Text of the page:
I’m leaving for New Orleans Thursday to give a paper on the social codes and values embedded in virtual fitting room programs like My Best Fit at the Association of Asian American Studies conference. The paper draws on a Good Morning America clip about My Best Fit which aired in April 2011 (posted below) as well as a 2007 evolutionary psychology study that purported to contain scientific evidence verifying the maxim that “women are born to shop”. I examine both for what they reveal about the convergence of science and consumerism in the cultural and social construction of femininity and womanhood.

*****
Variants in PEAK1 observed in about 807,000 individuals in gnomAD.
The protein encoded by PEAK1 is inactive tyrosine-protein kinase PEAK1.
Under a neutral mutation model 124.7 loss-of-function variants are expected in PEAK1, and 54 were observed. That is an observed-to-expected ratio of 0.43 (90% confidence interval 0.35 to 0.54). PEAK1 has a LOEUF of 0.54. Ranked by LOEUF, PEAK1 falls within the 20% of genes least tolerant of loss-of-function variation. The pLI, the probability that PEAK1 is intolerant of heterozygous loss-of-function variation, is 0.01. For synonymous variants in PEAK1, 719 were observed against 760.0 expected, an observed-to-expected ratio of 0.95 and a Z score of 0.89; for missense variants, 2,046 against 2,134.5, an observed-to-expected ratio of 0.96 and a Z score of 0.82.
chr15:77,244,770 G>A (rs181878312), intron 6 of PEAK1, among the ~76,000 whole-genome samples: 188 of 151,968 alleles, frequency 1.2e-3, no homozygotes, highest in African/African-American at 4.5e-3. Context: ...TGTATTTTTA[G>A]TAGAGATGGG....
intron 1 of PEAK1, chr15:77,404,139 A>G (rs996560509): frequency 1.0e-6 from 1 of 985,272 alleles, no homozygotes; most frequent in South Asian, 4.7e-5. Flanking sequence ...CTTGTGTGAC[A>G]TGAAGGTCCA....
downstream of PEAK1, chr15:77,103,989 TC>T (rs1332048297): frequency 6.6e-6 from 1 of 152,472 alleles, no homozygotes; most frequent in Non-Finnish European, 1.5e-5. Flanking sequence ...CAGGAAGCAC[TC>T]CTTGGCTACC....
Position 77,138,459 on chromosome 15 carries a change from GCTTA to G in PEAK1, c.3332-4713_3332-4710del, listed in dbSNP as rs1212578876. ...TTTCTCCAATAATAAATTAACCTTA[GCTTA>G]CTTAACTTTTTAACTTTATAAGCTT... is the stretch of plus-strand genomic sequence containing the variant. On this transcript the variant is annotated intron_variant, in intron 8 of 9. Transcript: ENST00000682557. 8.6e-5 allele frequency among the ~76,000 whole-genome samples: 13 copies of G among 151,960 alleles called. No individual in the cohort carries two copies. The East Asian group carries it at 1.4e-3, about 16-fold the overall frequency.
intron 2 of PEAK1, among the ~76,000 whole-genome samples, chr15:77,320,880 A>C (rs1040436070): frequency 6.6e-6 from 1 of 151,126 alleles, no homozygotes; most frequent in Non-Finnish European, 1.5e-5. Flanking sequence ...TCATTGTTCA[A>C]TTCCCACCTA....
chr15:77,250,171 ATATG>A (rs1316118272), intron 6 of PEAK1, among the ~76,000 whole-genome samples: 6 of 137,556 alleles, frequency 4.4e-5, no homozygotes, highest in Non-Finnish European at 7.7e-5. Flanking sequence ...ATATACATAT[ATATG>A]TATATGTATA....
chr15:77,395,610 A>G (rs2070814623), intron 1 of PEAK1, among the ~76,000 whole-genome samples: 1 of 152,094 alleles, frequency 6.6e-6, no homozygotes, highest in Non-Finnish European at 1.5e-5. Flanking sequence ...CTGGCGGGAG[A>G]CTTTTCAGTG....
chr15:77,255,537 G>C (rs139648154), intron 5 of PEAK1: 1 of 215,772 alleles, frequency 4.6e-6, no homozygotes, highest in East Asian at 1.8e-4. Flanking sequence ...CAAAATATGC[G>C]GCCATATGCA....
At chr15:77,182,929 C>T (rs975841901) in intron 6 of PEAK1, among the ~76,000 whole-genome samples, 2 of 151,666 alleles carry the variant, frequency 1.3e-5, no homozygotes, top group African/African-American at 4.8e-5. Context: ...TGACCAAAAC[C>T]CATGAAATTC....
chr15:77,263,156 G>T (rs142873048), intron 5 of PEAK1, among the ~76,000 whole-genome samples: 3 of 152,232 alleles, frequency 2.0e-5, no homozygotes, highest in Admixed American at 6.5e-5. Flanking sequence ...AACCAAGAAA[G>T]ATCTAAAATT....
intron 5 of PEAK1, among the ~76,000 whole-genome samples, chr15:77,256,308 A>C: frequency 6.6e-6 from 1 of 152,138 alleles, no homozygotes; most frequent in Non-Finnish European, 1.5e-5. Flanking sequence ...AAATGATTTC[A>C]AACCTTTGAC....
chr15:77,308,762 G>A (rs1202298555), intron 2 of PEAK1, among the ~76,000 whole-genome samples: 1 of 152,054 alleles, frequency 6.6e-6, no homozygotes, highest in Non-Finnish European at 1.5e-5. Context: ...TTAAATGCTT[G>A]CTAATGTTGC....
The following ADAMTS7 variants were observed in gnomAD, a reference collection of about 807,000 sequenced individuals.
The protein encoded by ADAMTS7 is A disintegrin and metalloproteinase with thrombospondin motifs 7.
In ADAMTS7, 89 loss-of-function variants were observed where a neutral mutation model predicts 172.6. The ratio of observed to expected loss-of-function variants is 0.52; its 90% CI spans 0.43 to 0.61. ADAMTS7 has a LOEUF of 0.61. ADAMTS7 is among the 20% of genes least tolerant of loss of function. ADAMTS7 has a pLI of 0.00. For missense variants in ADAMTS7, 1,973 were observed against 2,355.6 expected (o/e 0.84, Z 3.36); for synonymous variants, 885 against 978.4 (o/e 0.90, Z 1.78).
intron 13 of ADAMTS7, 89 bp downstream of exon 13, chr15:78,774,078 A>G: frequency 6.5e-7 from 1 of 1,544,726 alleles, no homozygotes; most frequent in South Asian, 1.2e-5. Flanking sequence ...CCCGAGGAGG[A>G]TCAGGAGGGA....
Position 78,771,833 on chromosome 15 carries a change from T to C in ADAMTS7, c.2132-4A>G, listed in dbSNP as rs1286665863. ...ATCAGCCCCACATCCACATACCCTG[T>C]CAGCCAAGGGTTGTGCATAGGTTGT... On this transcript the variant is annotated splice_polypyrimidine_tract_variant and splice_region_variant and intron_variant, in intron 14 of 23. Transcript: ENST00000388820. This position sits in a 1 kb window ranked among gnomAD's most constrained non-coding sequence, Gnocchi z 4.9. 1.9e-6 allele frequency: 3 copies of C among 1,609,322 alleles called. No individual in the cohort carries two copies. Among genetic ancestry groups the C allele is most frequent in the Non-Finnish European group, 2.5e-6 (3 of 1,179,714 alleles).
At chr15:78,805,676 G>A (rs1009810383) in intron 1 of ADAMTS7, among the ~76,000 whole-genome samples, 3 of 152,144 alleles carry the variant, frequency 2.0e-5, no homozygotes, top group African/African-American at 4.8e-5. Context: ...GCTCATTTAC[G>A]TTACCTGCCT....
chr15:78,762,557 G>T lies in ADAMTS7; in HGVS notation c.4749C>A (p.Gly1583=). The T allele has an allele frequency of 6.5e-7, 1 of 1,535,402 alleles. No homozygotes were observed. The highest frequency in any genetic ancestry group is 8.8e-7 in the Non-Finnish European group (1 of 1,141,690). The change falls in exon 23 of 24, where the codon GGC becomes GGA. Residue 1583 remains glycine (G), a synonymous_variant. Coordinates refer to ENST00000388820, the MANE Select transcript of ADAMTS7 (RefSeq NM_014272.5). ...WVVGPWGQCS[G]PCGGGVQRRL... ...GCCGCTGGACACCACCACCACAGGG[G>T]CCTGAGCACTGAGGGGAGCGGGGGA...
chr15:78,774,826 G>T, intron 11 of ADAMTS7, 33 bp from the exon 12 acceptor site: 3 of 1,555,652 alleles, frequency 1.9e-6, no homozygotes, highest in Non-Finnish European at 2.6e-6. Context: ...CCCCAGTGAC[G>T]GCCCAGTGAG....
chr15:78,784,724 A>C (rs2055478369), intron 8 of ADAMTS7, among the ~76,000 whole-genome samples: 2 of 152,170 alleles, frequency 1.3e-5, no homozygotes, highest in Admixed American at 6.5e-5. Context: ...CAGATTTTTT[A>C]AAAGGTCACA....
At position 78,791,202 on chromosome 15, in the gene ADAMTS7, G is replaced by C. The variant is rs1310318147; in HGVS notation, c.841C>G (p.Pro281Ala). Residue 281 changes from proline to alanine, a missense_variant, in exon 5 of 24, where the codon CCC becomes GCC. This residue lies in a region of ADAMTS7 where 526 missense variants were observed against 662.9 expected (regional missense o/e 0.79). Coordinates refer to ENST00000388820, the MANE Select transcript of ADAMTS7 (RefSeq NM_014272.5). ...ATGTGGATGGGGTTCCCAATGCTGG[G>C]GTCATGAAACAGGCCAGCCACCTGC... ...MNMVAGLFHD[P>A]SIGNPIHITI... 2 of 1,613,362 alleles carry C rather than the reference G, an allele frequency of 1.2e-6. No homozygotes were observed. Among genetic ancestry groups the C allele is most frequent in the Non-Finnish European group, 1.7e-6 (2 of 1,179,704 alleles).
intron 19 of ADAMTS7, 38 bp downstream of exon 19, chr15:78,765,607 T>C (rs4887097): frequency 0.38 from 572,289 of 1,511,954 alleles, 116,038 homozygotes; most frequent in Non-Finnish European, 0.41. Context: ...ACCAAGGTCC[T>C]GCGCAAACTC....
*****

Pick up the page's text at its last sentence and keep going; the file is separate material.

As I was completing the paper this afternoon, my friend Judy Rohrer sent me Eli Pariser’s TED talk on “filter bubbles” that I found incredibly useful for thinking about virtual fitting rooms. Pariser doesn’t mention fashion technologies as such but his comments about the “filter bubble” raise really important points that clearly apply to virtual fitting rooms and other technologies based on mass customization. In fact, because digital fashion media (from blogs and apps to fashion search engines, e-tailers, and virtual fitting rooms) are increasingly focused on tailoring information about fashion, beauty, style, and shopping to individual consumers – this is one of the revolutions in fashion’s digital revolution – Pariser’s concerns about Web 2.0 turning into a “Web of one” has real implications that fashion media producers, consumers, and prosumers should heed. By the way, the YouTube headline (“Beware”) for Pariser’s talk is ridiculously salacious. Pariser’s no technophobe; I actually think he’s a techno-optimist. I’ll post an abridged version of the paper when I get back from NOLA. For now, the videos!